Orphaned at young age, Kaliisa strikes gold in repairing motorcycles

Fred Kaliisa was orphaned at a young age. He has faint memories of his father, who died when he was five years. His mother, followed two years later. Therefore, one can easily predict that the 28-year-old had to endure hardships to make something out of life.

“I was raised by my paternal grandmother because my parents died when I was still young. Life was not easy. I had to do odd jobs to survive,” he says.

Under the circumstances, he did not go far in formal schooling.

He says he dropped out in primary six because he could not afford school fees and other basics.

Yet every dark cloud has a silver lining. Out of school, Kaliisa started looking for some odd jobs to do and it was during his search that that is when he landed on someone, who wanted someone to clean his motorcycle repair garage.

“He told me that he will give me Shs 3,000 to clean the garage and I accepted the work. Later I went back this time with a different mission: to convince him to teach me how to repair motorcycles,” Kaliisa says.

To cut the long story short, he accepted. He taught him the basics of repairing a motorcycle and later when Kaliisa moved to Kira in Wakiso, he undertook a course in motorcycle repair at a vocational institute to shore up his skills. The rest, as they say, is history.

Today Kaliisa is the owner of two repair garages each with a fully stocked spare parts shop. He drives a Toyota Alex and recently completed his three-bedroom house in Ssonde, Wakiso.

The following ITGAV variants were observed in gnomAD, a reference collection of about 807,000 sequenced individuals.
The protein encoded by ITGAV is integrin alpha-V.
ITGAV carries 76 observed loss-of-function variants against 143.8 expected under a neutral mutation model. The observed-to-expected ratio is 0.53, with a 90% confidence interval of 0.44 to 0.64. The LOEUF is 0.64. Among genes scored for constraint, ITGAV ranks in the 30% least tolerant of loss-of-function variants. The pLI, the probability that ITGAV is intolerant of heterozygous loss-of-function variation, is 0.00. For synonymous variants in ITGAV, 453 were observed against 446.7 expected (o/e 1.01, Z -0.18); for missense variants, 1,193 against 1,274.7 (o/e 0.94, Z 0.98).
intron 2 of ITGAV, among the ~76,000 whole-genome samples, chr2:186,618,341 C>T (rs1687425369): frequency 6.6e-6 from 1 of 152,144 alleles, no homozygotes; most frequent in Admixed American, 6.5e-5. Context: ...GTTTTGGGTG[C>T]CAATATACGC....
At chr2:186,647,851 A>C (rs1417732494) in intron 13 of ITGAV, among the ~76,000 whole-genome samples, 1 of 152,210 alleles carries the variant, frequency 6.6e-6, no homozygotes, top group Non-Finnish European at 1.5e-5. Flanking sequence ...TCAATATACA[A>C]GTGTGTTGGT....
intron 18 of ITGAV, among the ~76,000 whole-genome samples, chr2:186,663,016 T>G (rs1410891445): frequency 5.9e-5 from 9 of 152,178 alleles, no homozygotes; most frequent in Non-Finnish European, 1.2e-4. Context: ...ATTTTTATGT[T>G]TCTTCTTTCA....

“The journey has not been easy. When young people see that you have made progress they think everything has been smooth. But that is never the case,” he says.

At the garage, he also teaches young people how to repair motorcycles for a small fee.

“Many have started garages on their own and that makes me happy. Others still work with me,” he says.

He says his dream is to open up at least five branches in the next five years. Thereafter, he wants to set up a vocational school to equip youths with various skills.

“That is the legacy I want to leave behind,” he says.


Kaliisa admits that he has faced tough times the most recent being the Covid-19 lockdown which limited the movement of motorcycles.

“There were a few cyclists meaning that I could not make enough money like I used to before the lockdown,” he says.

Another big challenge is prevalence of fake spare parts on the market. These, he says, can affect the reputation of the dealer or a mechanic like him.

“Sometimes we buy spare parts thinking they are genuine only to realize that they are fake. The cyclists end up blaming us yet for some of us it is not intentional,” he says.

The other challenge he says are taxes levied on business people like him who have chosen to formalize their businesses.

“Taxes like VAT and trading license are killing us. Government needs to come to our rescue and they reduce some of these taxes,” he says.


As someone who grew up without both parents, Kaliisa says someone can still make it provided they do not feel sorry for themselves.

“They should not lament over their past situations. If one if hardworking they can get out of any tough situations,” he says

Secondly, he says there is no substitute for hard work.

“People like saying you should work smart and not hard but I disagree with them. In my view, hard work pays off better because it is from the sweat,” he says.

Kaliisa advises young people to get mentors in business so that they do not make many mistakes. He says mentors keep you focused in life and in work.

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